Jonathan Lighter wuxxmupp2000 at YAHOO.COM
Mon Apr 4 17:12:21 UTC 2005

I usually pronounce it the way a Portuguese speaker of South American Spanish (as a second language) would expect me to pronounce it if I were a native speaker of Castilian Spanish attempting to pronounce it in the manner of a monolingual speaker of Southwestern American English who has lived many years in New Zealand.

Or at least I try.


"Mark A. Mandel" <mamandel at LDC.UPENN.EDU> wrote:
---------------------- Information from the mail header -----------------------
Sender: American Dialect Society
Poster: "Mark A. Mandel"
Subject: Re: Nicaragua

Barbara Need writes:

The sound spelled "g" in Spanish somewhat resembles the sound spelled
with the same letter in Dutch. Otherwise, the pronunciation of
Nicaragua in English is only trivially distinct from its pronunciation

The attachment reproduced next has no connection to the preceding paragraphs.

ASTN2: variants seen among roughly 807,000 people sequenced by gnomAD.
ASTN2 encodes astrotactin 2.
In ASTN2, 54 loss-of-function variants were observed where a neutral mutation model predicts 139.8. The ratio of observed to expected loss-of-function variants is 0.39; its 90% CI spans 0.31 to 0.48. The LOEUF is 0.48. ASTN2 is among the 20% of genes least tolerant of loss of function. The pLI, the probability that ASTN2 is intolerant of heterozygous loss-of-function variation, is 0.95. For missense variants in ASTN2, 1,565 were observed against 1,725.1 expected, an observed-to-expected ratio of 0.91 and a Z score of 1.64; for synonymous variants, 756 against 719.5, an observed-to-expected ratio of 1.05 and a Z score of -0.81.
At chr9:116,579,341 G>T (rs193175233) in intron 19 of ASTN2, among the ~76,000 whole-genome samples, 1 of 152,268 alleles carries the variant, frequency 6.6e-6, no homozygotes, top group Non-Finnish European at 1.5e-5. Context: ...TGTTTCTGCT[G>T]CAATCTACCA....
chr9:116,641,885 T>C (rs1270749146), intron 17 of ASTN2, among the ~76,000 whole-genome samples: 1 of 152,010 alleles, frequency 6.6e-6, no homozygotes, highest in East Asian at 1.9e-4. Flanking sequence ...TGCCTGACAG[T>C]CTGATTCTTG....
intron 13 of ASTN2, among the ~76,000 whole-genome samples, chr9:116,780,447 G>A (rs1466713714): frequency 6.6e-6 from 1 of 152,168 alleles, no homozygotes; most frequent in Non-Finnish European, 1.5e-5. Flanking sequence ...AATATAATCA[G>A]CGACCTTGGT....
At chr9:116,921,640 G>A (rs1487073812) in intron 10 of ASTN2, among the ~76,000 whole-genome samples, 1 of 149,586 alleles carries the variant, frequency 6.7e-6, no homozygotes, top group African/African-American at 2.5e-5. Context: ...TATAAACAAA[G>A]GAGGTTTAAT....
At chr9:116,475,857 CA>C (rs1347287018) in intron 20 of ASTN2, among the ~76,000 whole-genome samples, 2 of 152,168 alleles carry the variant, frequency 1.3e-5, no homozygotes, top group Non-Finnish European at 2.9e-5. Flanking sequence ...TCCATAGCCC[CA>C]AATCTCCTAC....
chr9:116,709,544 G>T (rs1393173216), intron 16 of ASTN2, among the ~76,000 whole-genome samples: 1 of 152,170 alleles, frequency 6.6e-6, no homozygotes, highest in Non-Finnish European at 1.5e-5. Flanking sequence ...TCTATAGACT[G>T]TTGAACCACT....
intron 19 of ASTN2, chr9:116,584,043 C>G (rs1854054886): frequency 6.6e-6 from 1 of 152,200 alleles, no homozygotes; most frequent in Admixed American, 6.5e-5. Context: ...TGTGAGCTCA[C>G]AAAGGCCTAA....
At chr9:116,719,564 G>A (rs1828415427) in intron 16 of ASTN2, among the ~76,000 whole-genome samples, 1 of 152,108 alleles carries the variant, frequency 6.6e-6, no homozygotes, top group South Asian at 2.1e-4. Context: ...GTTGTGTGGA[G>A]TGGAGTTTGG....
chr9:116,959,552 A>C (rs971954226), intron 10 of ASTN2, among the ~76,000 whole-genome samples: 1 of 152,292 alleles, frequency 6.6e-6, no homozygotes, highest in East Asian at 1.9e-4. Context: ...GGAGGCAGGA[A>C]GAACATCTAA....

in English. How does an English-speaker pronounce "Nicaragua" in such a
way as to sound pretentious?


In Latin American pronunciation the intervocalic /g/ is often fricativized,
and /gw/ often becomes /w/. The first vowel in "Nicaragua" is [i:] in
Spanish and [I] in English, the "a"s are [a] rather than schwa, and the /r/
is a tap rather than a retroflex liquid.

As for pretentious, see my previous e-mail.

-- Mark A. Mandel
[This text prepared with Dragon NaturallySpeaking.]

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